Counter-urbanisation is the movement of people from major cities or large town’s (e.g St. Ives in Cambridgeshire) to less urbanised and rural areas beyond the outer suburbs. The main reason that counter-urbanisation takes place is because of the push and pulls factors that are associated with it.
Some of the main push factors associated with counter-urbanisation are that people want a better quality of living; they want to be able to live in an clean and quiet environment without air and noise pollution; they wish to escape the high levels of traffic congestion; and they want to escape the dirt and crime that urban environment offers e.g London City Centre. Furthermore, most people aspire to have larger houses with more land or large gardens for lower and cheaper prices when compared to the urban areas which have seen a huge increase in price over the past ten years, resulting in poorer or low income families struggling to afford the houses. Finally, large companies such as American Air Filters have set up factories in rural areas making it more attractive for people to relocate to the area e.g Cramlington. The pull factors associated with counter-urbanisation also have a large impact within the process, for example houses in smaller settlements in rural areas are often less densely populated than those in the larger cities such as Birmingham. People believe that living in locations that are quieter and with less pollution will improve their quality of life. Additionally, some rural settlements such as Cramlington have had improvements in their communication service which makes it easier for people to live and work in these less populated areas. Furthermore, there have been improvements with road and rail links so that it is easier to transport into work in the urbanised areas from the rural areas.
The impacts associated with counter-urbanisation can be split into positive and negative, for example in rural areas such as St Ives the positive effects are that there has been an increase in local business and prosperity because new comers have a larger disposable income so they can afford to spend their money on expensive accessories in the rural areas. Old and abounded houses or land is sold and redeveloped by newcomers; this improves the area as well as providing some income for original or older residents. Additionally, more schools, shops, pubs, restaurants and local businesses can stay open because there is an increase in the number of families and disposable income in the area. The negative effects on rural areas, as seen also in St Ives or Thurston in East Anglia, are that new developments such as modern buildings and houses can take away the character and beauty of the old town and this can also cause the price of houses and cost of living to rise in the area rapidly. Additionally, conflict may occur between the older residents and the newer ones because they may disagree with the new build styles. Overtime local commercial buildings may begin to suffer and could eventually close down because the newer residents have the access to transport to travel elsewhere for their shopping e.g Sainsbury. Furthermore, the old rural roads may not be able to handle the increase in transport resulting in them becoming damaged and unsafe. As the population increases new buildings will be built on once open spaces, where older residents could have once used for local amenity. Also, as new houses and potentially new industrial units get built in the area, pollution will start to increase e.g. more cars, noise, traffic, causing once again conflict in the settlement.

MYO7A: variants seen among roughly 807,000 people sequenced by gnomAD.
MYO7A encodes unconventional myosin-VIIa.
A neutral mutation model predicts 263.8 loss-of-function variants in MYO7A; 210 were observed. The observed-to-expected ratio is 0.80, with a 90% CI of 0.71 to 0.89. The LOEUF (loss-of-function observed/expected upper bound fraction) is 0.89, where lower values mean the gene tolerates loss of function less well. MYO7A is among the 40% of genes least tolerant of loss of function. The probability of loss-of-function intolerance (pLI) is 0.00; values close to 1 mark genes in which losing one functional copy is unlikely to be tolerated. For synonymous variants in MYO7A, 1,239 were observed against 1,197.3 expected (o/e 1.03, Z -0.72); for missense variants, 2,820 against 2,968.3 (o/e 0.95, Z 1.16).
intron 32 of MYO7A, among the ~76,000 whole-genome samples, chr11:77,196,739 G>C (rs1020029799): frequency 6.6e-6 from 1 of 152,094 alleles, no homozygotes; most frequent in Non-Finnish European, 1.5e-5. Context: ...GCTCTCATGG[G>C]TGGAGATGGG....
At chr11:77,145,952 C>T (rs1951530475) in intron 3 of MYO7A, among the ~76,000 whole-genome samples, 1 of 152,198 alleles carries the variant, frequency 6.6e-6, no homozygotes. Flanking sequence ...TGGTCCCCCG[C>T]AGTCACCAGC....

As well as there being impacts in rural areas there can also be problems in urban areas, for example Newcastle-upon-Tyne. The positive impacts on Newcastle are that overtime house and land value could level off because there is less demand as people have moved to rural areas. As there will be less pollution produced…